INJ/SYS, I guess, is shorthand for Injustice System. What I am certain of, however, is that this record is pretty damn good. Blazing early ‘80s style East Coast hardcore in the vein of Antidote, Abused (both bands get the cover treatment here), YDI, etc. Raw, bare bones, no frills. Just a loud and blistering guitar sound, thrashing drums, and some low end to keep it all together. The vocals are yelled and delivered with some snarl, desperation, and urgency. This is the sort of stuff I think about when I think of what a good hardcore band is supposed to sound like. Fast, distorted, and pissed off are a few of the qualities I look for, and these folks have ‘em in spades. Listen to the very last tracks, “A Colony Civilized,” with its fast and reckless approach, then capped off with the short “No Words.” Then go back and listen to the rest of the record. Can we expect more from these guys? Only three hundred were pressed, so jump on it! –Matt Average (No Reprieve, noreprieve.bigcartel.com)

Anthems of Truth: CD
On one hand, I can understand how Anthems of Truth could be considered relatively standard fare, maybe even a smidge generic. They bring to mind some of the bands on the recently defunct PunkCore label or maybe even the gruffer, earlier material in the Dropkick Murphys catalog: streetpunk with a smidge of ska thrown into the mix. Gravel-packed vocals and lots of gang backups. On first listen, it didn’t come across as terribly memorable. On the other hand, there are moments where Independent Progress really shines—and it’s buried there in repetition, in giving it another shot. The biggest detriment to the streetpunk genre has always been the dipshit thug/gang mentality, how it’s often lyrically tantamount to a bunch of fucking bullies running around with guitars. Thankfully, none of that is present here. Honestly, the lyrics here are top-notch; well-spoken and articulate stuff that’s terrific on its own and absolutely jaw-dropping for the genre. It’s that intelligence, coupled with the fact that these dudes sound like they’re having a blast playing these songs, that carries this thing forward. The wheel isn’t necessarily being reinvented here, but that’s not really necessary. This is more than a passing nod—at least to this listener—to bands like the Strike and the Beltones, and that’s good enough for me. Genuine stuff. –keith (Independent Progress)

Hey Fuckers: CD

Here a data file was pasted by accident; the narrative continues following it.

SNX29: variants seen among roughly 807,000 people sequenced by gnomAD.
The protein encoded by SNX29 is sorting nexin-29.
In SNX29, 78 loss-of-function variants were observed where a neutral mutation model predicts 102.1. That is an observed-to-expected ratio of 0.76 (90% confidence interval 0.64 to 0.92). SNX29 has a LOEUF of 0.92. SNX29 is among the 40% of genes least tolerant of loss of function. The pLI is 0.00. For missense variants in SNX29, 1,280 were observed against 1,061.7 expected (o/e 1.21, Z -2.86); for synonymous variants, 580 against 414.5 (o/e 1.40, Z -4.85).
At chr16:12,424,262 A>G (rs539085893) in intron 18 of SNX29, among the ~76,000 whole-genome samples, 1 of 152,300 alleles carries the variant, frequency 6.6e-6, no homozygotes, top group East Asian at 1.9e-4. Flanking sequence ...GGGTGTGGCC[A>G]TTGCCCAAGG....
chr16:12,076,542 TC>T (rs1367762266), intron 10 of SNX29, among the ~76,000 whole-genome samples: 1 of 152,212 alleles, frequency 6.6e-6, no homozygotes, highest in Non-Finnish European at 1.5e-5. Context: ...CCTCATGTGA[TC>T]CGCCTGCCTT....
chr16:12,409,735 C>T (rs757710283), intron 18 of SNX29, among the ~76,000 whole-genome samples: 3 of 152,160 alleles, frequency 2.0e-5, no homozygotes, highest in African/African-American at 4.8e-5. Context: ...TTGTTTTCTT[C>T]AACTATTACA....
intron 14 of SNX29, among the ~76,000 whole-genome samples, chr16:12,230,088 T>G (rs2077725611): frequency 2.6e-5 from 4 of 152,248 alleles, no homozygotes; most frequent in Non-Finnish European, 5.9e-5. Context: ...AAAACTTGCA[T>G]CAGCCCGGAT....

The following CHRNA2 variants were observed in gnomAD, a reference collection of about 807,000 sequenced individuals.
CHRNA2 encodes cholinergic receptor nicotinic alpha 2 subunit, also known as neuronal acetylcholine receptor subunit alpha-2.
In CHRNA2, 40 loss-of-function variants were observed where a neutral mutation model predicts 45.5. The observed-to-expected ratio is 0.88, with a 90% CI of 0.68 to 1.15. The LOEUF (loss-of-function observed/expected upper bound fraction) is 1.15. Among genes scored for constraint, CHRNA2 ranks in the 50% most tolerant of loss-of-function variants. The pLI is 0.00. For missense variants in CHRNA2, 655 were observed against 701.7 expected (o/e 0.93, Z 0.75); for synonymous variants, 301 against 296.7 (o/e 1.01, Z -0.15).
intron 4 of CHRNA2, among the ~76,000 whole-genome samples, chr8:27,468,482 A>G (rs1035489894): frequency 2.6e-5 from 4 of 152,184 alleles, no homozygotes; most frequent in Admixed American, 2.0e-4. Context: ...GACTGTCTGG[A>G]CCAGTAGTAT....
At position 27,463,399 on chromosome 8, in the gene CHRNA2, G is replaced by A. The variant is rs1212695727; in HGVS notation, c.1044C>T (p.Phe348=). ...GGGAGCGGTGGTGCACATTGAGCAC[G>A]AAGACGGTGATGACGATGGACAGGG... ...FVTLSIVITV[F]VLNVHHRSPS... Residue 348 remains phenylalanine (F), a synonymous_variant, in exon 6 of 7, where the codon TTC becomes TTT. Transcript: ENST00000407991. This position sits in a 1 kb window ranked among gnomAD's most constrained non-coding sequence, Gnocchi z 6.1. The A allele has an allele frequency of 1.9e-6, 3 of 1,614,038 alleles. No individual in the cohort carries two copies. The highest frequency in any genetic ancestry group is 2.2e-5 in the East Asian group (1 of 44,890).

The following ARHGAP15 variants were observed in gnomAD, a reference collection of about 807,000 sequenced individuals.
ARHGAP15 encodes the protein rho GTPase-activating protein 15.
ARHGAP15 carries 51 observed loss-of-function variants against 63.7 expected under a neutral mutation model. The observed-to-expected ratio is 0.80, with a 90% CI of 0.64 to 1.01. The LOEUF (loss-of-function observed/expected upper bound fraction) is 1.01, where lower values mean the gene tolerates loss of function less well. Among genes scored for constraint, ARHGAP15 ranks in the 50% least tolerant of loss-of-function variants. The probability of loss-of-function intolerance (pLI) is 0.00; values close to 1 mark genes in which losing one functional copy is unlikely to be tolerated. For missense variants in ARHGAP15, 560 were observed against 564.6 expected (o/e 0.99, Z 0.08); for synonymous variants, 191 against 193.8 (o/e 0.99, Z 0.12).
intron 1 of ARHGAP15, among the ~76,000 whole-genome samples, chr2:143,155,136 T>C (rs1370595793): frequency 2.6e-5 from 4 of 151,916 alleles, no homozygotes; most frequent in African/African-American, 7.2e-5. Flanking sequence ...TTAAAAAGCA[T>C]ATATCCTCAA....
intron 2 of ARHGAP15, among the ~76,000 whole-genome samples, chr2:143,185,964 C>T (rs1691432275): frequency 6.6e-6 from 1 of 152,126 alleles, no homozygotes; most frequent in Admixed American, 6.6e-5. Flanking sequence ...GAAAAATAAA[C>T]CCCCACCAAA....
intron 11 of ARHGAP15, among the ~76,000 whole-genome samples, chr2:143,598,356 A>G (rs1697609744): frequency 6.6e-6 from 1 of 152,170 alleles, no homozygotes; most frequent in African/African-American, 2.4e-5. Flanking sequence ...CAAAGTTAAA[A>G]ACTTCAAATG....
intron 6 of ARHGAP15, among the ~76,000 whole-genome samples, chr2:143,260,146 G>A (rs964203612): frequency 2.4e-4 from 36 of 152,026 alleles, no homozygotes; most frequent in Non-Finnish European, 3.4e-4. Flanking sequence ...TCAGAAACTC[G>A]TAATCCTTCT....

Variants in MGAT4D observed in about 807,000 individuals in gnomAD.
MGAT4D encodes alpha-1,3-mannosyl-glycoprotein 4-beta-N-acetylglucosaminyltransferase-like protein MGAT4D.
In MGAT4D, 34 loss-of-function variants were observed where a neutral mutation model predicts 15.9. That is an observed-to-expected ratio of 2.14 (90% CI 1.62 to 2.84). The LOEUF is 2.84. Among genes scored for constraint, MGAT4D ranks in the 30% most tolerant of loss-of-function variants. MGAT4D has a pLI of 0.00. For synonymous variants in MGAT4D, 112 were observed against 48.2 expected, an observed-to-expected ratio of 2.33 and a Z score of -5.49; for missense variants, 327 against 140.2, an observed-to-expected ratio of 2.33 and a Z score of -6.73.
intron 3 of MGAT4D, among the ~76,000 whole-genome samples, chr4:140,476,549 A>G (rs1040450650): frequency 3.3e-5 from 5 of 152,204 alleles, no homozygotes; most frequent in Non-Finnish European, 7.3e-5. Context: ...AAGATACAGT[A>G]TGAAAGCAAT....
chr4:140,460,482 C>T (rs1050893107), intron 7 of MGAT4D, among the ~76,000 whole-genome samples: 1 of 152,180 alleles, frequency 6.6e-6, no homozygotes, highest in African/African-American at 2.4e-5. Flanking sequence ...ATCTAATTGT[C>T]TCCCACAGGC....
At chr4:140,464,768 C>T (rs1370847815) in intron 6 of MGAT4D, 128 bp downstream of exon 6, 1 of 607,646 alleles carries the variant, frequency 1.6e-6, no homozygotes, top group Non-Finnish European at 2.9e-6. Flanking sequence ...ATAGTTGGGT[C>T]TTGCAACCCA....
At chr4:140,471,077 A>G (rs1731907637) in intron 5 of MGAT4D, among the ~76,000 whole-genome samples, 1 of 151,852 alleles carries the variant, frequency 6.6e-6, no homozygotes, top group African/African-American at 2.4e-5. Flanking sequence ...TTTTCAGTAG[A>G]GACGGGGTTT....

This band is an electric punk combo featuring Chris Clavin from Ghost Mice. I mostly mention this because I’m not a big fan of Ghost Mice, which tends to sound too “precious” for me, but I like this band pretty alright. It’s real raggedy pop punk like Crimpshrine, but with a high-pitched singer and endearingly thumpy drums. Most of the stuff on here has a pretty distinct DIY punk message, with the exception of “Rabb-napping,” which is in that too-cutesy Ghost Mice vein. There are a couple of lines in this album that really make me go “Huh?” though. Specifically in “New Wave,” where in reference to what’s wrong with punks today, “It’s not worth the risk to steal things, the pizzas they eat come by delivery.” Getting a pizza delivered may be the most strident definition of what selling-out is. I mean, living by shoplifting is great if you’re doing it at Wal-Mart and only have some really low maintenance needs for yourself, but beyond that, I think that system of pseudo-off-the-grid living breaks down real quick like. It’s the kind of almost painfully myopic thinking that I think causes a lot of crusties and such to not really be taken all that seriously. Propagandhi and Fugazi talk a big game, but they also seem relatable and living in the real world. It’s not that these bands, and others like them (Fifteen and both Subhumans come to mind), are about compromising the shit out of everything, but they do recognize that everything is not always so cut and dry. I dunno if I can say the same for this band. It seems a lot of this line of severe “leeching off the system, but not in any way admitting to being a part of the system” thinking only really works for someone who lives in an anarchist wonderland where interconnectedness and consequences are non-existent outside of bike and vegetable co-ops. Then again, maybe I’m just being defensive and cynical, because indeed I have (gasp!) partaken in non-dumpstered pizza. I still approve of this album though. –Adrian (Plan-It-X)